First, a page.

Open marketplaces were also affected by the virus scare. In Istanbul, the municipality is considering the ban of the sale of goods other than food. In the southwestern city of Muğla, vendors at marketplaces started selling prepackaged vegetables and fruits, ending the usual practice of customers touching the produces with bare hands.
Pharmacies also see a huge influx of customers and some now started implementing the 1-meter rule, instructing customers to keep a distance.
Measures against coronavirus also affected wedding parties. Wedding halls and other venues are already closed while couples increasingly prefer to officiate their marriage with the lowest number of guests.
Professor Yeşim Taşova, a member of the Health Ministry’s Coronavirus Science Board, called on the public to take extra measures for protection, like washing packed products they bought from grocery stores, washing fruits and vegetables carefully and drying them before placing them in the refrigerator. Speaking to Anadolu Agency (AA) Thursday, Taşova also said not everyone should wear masks and asked only those suffering from an illness to wear them. She said gloves offered little protection if used improperly. “I see people with gloves touching everywhere and then touching the masks they wear. They might be infected,” she warned. Instead, she suggested carrying a bottle of cologne and using it frequently. Taşova also asked the public to immediately change their clothes, wash their hands and to have a shower if possible after they returned home.
DISTANCE EDUCATION SET TO BEGIN
After the closure of schools and a week of recess, Turkey will begin distance education for millions of students on March 23. Education Minister Ziya Selçuk told AA on Thursday that their crews and content were ready for online and broadcast lessons. Lessons will begin on March 23, at 9 a.m. local time and will be 20 minutes each instead of the 40-minute regular classes, said Selçuk.
The lessons will mainly be broadcast via television channels more than once throughout the day, due to possible internet bandwidth issues. "The lessons we will broadcast on television will also be related to previous topics in face-to-face classes," Selçuk added. Explaining that not all students had access to the internet, cellphones or computers, he said the lessons would thus be "television-focused." "Our teachers voluntarily prepared the lessons and subjects needed on television. Our teachers work in small groups in certain centers, studios and schools, and then the test broadcasts are done," Selçuk said.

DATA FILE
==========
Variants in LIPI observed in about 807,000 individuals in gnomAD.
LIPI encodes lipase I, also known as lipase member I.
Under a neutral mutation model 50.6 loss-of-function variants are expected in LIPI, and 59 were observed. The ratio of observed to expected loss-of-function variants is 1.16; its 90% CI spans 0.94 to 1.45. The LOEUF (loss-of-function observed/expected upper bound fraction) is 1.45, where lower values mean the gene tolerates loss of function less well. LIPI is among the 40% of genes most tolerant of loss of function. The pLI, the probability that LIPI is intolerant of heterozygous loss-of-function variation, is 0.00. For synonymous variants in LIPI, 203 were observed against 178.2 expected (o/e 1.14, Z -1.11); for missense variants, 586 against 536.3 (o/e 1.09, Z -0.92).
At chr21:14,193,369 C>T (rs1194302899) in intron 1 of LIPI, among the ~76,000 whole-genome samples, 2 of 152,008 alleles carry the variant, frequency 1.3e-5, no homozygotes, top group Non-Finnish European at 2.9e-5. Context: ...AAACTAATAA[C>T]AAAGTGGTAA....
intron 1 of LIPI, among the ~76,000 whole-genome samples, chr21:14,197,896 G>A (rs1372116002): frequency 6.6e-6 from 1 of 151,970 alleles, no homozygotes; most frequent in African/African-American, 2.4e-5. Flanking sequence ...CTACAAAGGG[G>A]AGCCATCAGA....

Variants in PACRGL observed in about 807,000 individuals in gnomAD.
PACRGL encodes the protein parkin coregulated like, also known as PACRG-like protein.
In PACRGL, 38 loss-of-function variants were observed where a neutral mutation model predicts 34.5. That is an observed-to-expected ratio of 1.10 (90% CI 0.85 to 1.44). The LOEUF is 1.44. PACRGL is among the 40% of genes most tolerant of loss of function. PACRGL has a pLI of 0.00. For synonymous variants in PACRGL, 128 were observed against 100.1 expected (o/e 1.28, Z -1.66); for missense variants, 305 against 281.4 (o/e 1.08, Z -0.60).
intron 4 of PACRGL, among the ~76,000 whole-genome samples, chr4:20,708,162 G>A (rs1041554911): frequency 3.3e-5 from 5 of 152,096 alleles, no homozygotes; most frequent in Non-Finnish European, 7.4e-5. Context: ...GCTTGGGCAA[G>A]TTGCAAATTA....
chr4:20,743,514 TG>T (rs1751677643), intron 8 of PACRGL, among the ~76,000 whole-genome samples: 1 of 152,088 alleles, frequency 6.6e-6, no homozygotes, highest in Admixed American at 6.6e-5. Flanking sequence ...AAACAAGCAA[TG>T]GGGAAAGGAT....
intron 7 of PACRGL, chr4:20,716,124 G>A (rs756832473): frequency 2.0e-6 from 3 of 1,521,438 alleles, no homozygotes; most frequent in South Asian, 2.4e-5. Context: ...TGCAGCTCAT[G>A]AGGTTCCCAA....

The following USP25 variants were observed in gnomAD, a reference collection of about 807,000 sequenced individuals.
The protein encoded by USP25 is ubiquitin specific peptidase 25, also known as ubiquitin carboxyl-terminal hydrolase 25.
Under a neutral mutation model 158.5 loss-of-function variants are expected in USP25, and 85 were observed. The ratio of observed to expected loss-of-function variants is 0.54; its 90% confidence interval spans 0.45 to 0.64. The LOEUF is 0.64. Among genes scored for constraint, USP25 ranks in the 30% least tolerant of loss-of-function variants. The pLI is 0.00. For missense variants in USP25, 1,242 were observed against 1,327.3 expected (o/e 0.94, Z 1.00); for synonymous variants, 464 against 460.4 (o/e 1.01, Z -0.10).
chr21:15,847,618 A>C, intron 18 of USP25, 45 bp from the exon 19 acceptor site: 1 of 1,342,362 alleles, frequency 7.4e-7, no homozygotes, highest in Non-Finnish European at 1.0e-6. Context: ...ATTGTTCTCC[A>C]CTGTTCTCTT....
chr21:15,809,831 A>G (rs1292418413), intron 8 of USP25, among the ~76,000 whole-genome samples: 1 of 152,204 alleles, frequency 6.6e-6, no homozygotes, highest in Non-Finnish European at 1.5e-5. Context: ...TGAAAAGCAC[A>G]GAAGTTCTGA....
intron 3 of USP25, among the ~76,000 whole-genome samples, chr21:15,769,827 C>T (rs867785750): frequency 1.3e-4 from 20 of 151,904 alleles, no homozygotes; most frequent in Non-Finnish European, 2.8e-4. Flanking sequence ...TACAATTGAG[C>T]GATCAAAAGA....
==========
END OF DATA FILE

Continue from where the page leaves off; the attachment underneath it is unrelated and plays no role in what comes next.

He also stressed that Turkey was one of the few countries able to implement distance education on a national level. Besides televised lessons, Selçuk said Turkey announced its Education Information Network (EIN), an artificial-intelligence-based educational platform used by two other countries.
ORTHODOX CHURCHES TO HALT SERVICES
Fener Greek Orthodox Patriarchate in Istanbul ordered its churches to halt services and rites until the end of March in response to the coronavirus measures. The patriarchate, seat of some 300 million Orthodox Christians worldwide, announced the move in a statement late Wednesday. "Today we universally declare our ecclesiastical resolution and mandate to cease all divine services, events and rites, except for private prayer in churches that will remain open, until the end of March," the patriarchate said.
It appealed to everyone to limit their outings and travels to what is necessary, remaining in their homes for their safety and the protection of the general public. "The Ecumenical Patriarchate is monitoring the situation with an urgent sense of responsibility toward its faithful and all people," it said, adding that the halt to services would later be reassessed in line with the pandemic's development. Monasteries will continue to hold regular religious services for their monastic communities, but outside pilgrims and visitors will not be permitted entry, it said.
Ukraine, meanwhile, announced a ferry will be sent to Turkey to evacuate Ukrainian nationals requesting a return home. A shipping union said in a statement on Thursday that a ferry will be sent to Karasu Port in northwestern Turkey to transport Ukrainian nationals. Ukraine closed its borders to foreigners between March 15 and April 3 and closed its airspace to all countries on March 17. It is now working to bring some 35,000 citizens home from other countries.
MOSQUES TO CLOSE ON FRIDAY
Though mosques were closed for mass prayers, the Presidency of Religious Affairs (DİB) decided to step up measures as people in some cities tried to force their way in to perform mass prayers. In a statement to local branches of DİB, the presidency’s head Ali Erbaş ordered the closure of mosques on Friday and Saturday. Erbaş said “some people tried to exploit people’s religious sensitivities” following the announcement of a ban on collective prayers,” and they decided to close the mosques for two days.
A call for Friday prayers will also not be recited. Friday noon prayers are obligatory for all Muslim men and should be performed with the congregation. On Saturday, Muslims will mark Lailat al-Miraj, a holy night in Islam, which is observed by performing and reciting prayers collectively at mosques.